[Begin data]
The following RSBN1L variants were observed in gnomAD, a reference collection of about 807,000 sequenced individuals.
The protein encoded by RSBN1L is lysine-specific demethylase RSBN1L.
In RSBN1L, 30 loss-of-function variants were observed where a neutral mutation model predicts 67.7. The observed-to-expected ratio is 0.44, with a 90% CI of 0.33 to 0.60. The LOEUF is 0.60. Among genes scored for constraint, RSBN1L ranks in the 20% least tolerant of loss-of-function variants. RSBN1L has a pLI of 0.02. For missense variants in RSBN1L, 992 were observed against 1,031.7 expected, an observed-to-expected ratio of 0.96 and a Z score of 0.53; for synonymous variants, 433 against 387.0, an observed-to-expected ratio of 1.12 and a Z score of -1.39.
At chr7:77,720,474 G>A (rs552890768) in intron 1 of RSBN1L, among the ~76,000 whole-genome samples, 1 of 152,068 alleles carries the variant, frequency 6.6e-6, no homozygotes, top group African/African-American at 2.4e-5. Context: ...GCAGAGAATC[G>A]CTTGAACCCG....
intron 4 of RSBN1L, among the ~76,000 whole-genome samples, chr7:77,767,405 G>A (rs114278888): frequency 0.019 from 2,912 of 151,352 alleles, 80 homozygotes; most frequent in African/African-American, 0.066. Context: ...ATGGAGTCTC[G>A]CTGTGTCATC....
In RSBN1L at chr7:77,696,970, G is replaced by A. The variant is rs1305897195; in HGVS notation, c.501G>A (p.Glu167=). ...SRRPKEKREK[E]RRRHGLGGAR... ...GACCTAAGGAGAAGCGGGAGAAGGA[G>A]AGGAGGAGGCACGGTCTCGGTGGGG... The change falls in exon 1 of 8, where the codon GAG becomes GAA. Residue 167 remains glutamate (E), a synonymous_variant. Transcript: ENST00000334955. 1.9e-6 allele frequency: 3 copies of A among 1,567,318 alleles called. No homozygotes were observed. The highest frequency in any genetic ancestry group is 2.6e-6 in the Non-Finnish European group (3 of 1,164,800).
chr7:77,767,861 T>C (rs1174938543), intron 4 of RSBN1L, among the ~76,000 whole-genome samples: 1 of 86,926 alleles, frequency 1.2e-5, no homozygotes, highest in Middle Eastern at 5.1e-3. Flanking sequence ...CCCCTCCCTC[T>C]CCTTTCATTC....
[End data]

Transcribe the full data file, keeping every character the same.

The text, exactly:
The following RSBN1L variants were observed in gnomAD, a reference collection of about 807,000 sequenced individuals.
The protein encoded by RSBN1L is lysine-specific demethylase RSBN1L.
In RSBN1L, 30 loss-of-function variants were observed where a neutral mutation model predicts 67.7. The observed-to-expected ratio is 0.44, with a 90% CI of 0.33 to 0.60. The LOEUF is 0.60. Among genes scored for constraint, RSBN1L ranks in the 20% least tolerant of loss-of-function variants. RSBN1L has a pLI of 0.02. For missense variants in RSBN1L, 992 were observed against 1,031.7 expected, an observed-to-expected ratio of 0.96 and a Z score of 0.53; for synonymous variants, 433 against 387.0, an observed-to-expected ratio of 1.12 and a Z score of -1.39.
At chr7:77,720,474 G>A (rs552890768) in intron 1 of RSBN1L, among the ~76,000 whole-genome samples, 1 of 152,068 alleles carries the variant, frequency 6.6e-6, no homozygotes, top group African/African-American at 2.4e-5. Context: ...GCAGAGAATC[G>A]CTTGAACCCG....
intron 4 of RSBN1L, among the ~76,000 whole-genome samples, chr7:77,767,405 G>A (rs114278888): frequency 0.019 from 2,912 of 151,352 alleles, 80 homozygotes; most frequent in African/African-American, 0.066. Context: ...ATGGAGTCTC[G>A]CTGTGTCATC....
In RSBN1L at chr7:77,696,970, G is replaced by A. The variant is rs1305897195; in HGVS notation, c.501G>A (p.Glu167=). ...SRRPKEKREK[E]RRRHGLGGAR... ...GACCTAAGGAGAAGCGGGAGAAGGA[G>A]AGGAGGAGGCACGGTCTCGGTGGGG... The change falls in exon 1 of 8, where the codon GAG becomes GAA. Residue 167 remains glutamate (E), a synonymous_variant. Transcript: ENST00000334955. 1.9e-6 allele frequency: 3 copies of A among 1,567,318 alleles called. No homozygotes were observed. The highest frequency in any genetic ancestry group is 2.6e-6 in the Non-Finnish European group (3 of 1,164,800).
chr7:77,767,861 T>C (rs1174938543), intron 4 of RSBN1L, among the ~76,000 whole-genome samples: 1 of 86,926 alleles, frequency 1.2e-5, no homozygotes, highest in Middle Eastern at 5.1e-3. Flanking sequence ...CCCCTCCCTC[T>C]CCTTTCATTC....